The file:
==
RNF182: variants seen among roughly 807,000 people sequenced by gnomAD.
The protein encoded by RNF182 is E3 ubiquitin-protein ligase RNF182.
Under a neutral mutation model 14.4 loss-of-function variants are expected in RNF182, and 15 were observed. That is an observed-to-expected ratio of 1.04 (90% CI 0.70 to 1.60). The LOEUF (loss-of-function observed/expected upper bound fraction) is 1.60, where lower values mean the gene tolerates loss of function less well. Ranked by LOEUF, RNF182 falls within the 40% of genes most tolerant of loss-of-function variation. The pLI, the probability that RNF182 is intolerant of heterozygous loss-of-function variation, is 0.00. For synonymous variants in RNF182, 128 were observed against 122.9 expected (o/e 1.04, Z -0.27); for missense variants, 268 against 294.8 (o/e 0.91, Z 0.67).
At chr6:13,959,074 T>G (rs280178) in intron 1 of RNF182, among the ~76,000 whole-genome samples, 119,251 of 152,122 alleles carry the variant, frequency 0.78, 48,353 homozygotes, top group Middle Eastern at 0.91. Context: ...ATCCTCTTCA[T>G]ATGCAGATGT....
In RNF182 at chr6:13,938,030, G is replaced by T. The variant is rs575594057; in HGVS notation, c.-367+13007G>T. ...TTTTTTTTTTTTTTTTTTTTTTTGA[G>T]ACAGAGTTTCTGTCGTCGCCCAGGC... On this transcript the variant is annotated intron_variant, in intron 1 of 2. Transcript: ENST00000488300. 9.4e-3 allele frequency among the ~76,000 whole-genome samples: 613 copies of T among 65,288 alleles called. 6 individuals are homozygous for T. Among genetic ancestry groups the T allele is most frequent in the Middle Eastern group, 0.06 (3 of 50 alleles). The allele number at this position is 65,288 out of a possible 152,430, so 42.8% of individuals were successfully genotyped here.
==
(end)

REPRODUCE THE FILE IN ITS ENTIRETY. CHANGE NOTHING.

RNF182: variants seen among roughly 807,000 people sequenced by gnomAD.
The protein encoded by RNF182 is E3 ubiquitin-protein ligase RNF182.
Under a neutral mutation model 14.4 loss-of-function variants are expected in RNF182, and 15 were observed. That is an observed-to-expected ratio of 1.04 (90% CI 0.70 to 1.60). The LOEUF (loss-of-function observed/expected upper bound fraction) is 1.60, where lower values mean the gene tolerates loss of function less well. Ranked by LOEUF, RNF182 falls within the 40% of genes most tolerant of loss-of-function variation. The pLI, the probability that RNF182 is intolerant of heterozygous loss-of-function variation, is 0.00. For synonymous variants in RNF182, 128 were observed against 122.9 expected (o/e 1.04, Z -0.27); for missense variants, 268 against 294.8 (o/e 0.91, Z 0.67).
At chr6:13,959,074 T>G (rs280178) in intron 1 of RNF182, among the ~76,000 whole-genome samples, 119,251 of 152,122 alleles carry the variant, frequency 0.78, 48,353 homozygotes, top group Middle Eastern at 0.91. Context: ...ATCCTCTTCA[T>G]ATGCAGATGT....
In RNF182 at chr6:13,938,030, G is replaced by T. The variant is rs575594057; in HGVS notation, c.-367+13007G>T. ...TTTTTTTTTTTTTTTTTTTTTTTGA[G>T]ACAGAGTTTCTGTCGTCGCCCAGGC... On this transcript the variant is annotated intron_variant, in intron 1 of 2. Transcript: ENST00000488300. 9.4e-3 allele frequency among the ~76,000 whole-genome samples: 613 copies of T among 65,288 alleles called. 6 individuals are homozygous for T. Among genetic ancestry groups the T allele is most frequent in the Middle Eastern group, 0.06 (3 of 50 alleles). The allele number at this position is 65,288 out of a possible 152,430, so 42.8% of individuals were successfully genotyped here.